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Actually my intention was neither; I simply asked a question I am curious about the answer to.

Why is it a problem that nursing is dominated by women?




That's not a problem.

The problem is that people believe nursing is supposed to be a woman's job, and that a male nurse is thus unmanly for freely choosing to become one.

These beliefs are wrong. They are sexist. Full stop.

An indicator of the prevalence of these beliefs is the dominance of women in the nursing profession. This is hard, factual, statistical data that we can point to; it's easier to parse than qualitative data, such as stories of males laughing at male nurses for their profession.

It is a chicken-and-egg problem. Are blacks more likely to be criminals, or does the expectation that blacks become criminals increase the number of blacks being investigated for crime, leading to a higher rate of discovery? Is it because blacks are systematically discouraged from getting an education, which tends towards lower incomes and higher likelihoods of becoming criminal?

These are statistical truths. Absolute? Hardly; they're still mere statistics, which always lie. But statistics are closer to the truth than the dubious anecdotes we had before. They can demonstrate the existence of bias, even if that bias cannot be causatively tied to sexism. And in the end, that demonstration is more proof than the inverse position, the position that the nursing profession should be biased towards women, which really only has the above-mentioned sexist beliefs to fall back on.

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> These beliefs are wrong.

Those are value judgements, they cannot be "wrong". You can judge them as wrong, but that's just one value judgement on top of another. There is no way to even hold a discussion between them on that ground.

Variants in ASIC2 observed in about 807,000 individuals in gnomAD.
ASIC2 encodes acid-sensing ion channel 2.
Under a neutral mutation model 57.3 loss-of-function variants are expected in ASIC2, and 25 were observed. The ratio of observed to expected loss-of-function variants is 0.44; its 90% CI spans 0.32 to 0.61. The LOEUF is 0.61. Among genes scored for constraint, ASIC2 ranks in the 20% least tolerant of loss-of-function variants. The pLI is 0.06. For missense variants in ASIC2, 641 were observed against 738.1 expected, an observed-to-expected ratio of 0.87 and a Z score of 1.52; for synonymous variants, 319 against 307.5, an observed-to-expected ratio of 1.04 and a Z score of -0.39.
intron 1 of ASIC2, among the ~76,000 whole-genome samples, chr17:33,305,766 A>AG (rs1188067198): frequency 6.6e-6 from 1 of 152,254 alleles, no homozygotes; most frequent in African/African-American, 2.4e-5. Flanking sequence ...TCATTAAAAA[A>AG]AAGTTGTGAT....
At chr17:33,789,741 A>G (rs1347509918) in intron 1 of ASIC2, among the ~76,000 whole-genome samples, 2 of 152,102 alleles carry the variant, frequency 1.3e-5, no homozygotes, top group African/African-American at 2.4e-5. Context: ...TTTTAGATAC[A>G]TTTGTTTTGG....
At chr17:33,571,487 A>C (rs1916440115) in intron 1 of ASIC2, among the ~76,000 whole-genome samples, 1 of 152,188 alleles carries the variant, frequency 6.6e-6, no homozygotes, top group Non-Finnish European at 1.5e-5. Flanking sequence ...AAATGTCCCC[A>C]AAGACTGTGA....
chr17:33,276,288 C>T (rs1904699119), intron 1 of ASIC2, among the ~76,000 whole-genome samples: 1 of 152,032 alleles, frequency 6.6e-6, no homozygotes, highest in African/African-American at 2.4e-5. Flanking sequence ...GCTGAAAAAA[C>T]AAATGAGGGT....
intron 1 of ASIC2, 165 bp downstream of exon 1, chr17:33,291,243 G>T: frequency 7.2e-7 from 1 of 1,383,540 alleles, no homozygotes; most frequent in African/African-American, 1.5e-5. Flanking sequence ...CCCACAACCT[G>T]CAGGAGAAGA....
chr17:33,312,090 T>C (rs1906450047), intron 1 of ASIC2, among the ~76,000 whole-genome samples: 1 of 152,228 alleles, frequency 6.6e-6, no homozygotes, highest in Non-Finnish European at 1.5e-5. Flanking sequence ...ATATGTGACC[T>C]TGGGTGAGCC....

> An indicator of the prevalence of these beliefs is the dominance of women in the nursing profession. This is hard, factual, statistical data that we can point to

This is hard, factual, statistical data that doesn't support your conclusion. Maybe women really do have a stronger preference for nursing jobs, or they are socialized that way, or those jobs fit their schedule better, or they like working with other women so they congregate in jobs already dominated by other women, or..., or some combination of the above.

Why take one piece of data and jump to the least charitable explanation? Sexism is just one of very many possible causes.

> Are blacks more likely to be criminals, or does the expectation that blacks become criminals increase the number of blacks being investigated for crime, leading to a higher rate of discovery?

Again, or both, or neither. Or both but maybe some other factor completely dwarfs those two you mention, rates of single motherhood come to mind.

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> Those are value judgements, they cannot be "wrong".

Uh, of course it's a value judgement. That's the entire point of calling out sexism.

Do you disagree that they're sexist, or do you disagree that a sexist belief is wrong?

> This is hard, factual, statistical data that doesn't support your conclusion.

I'm pretty sure I said that. In fact, I'm pretty sure I spent two entire paragraphs on that.

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